Introduction: Length of Stay (LoS) in Intensive Care Units (ICUs) is an important measure for planning beds capacity during the Covid-19 pandemic.
However, as the pandemic progresses and we learn more about the disease, treatment and subsequent LoS in ICU may change.
Objectives: To investigate the LoS in ICUs in England associated with Covid-19, correcting for censoring, and to evaluate the effect of known predictors of Covid-19 outcomes on ICU LoS.
Data sources: We used retrospective data on Covid-19 patients, admitted to ICU between 6 March and 24 May, from the \Covid-19 Hospitalisation
in England Surveillance System" (CHESS) database, collected daily from England's National Health Service, and collated by Public Health England.
Methods: We used Accelerated Failure Time survival models with Weibull and log-normal distributional assumptions to investigate the effect of predictors, which are known to be associated with poor Covid-19 outcomes, on the LoS in ICU.
Results: Patients admitted before 25 March had significantly longer LoS in ICU (mean=18.4 days, median=12), controlling for age, sex, whether the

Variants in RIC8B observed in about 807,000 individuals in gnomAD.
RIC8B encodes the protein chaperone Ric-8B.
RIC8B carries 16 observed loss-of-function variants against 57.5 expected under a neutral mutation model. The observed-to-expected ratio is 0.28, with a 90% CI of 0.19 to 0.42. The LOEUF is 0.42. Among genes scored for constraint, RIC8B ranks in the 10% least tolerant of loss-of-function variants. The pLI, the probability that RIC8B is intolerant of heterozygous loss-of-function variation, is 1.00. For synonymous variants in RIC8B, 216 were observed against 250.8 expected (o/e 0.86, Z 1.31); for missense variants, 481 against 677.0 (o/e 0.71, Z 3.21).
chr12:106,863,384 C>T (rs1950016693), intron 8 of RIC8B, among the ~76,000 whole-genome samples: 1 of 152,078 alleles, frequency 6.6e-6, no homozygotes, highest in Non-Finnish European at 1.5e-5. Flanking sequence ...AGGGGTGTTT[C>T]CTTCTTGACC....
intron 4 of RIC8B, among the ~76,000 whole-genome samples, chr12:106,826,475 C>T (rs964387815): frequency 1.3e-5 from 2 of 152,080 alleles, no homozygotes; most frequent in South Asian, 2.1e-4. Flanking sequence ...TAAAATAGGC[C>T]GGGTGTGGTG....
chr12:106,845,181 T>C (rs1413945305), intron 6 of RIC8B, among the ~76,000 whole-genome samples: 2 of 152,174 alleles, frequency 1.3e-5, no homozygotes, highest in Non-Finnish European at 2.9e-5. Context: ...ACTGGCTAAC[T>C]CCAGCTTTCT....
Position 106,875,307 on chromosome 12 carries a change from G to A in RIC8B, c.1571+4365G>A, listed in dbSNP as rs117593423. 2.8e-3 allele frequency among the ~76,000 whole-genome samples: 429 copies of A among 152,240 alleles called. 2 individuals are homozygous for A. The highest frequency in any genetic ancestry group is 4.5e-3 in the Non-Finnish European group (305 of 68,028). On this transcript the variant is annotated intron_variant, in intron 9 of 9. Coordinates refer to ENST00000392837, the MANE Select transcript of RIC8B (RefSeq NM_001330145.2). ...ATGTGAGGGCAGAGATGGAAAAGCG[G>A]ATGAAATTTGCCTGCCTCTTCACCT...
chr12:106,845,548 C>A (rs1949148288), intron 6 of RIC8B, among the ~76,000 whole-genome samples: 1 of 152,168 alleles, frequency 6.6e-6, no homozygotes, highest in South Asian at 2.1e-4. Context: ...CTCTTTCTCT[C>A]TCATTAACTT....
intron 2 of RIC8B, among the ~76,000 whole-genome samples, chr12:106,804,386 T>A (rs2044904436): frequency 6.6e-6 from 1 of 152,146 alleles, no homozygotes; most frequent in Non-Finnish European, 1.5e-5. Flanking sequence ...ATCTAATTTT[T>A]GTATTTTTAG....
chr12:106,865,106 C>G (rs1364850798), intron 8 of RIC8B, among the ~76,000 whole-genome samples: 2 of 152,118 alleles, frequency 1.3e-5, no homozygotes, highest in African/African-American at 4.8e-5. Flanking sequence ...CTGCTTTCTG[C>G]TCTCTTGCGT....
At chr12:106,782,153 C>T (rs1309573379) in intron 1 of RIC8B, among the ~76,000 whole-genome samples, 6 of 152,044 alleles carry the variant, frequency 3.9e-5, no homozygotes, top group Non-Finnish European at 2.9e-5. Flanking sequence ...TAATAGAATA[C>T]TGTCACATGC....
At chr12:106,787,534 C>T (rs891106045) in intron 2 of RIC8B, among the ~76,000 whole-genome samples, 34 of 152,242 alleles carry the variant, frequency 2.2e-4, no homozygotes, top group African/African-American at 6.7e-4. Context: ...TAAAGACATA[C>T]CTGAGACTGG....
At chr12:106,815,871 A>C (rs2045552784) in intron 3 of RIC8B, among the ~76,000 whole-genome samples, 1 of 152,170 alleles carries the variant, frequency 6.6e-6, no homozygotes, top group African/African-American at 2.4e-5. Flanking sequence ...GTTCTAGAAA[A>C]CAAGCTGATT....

patient received Extracorporeal Membrane Oxygenation, and a co-morbid risk factors score, compared with the period after 7 April (mean=15.4, median= 10). The periods of admission reflected the changes in the ICU admission policy in England. Patients aged 50-65 had the longest LoS, while higher co-morbid risk factors score led to shorter LoS. Sex and ethnicity were not associated with ICU LoS.
Conclusions: The skew of the predicted LoS suggests that a mean LoS, as compared with median, might be better suited as a measure used to assess and plan ICU beds capacity. This is important for the ongoing second and any future waves of Covid-19 cases and potential pressure on the ICU resources. Also, changes in the ICU admission policy are likely to be confounded with improvements in clinical knowledge of Covid-19.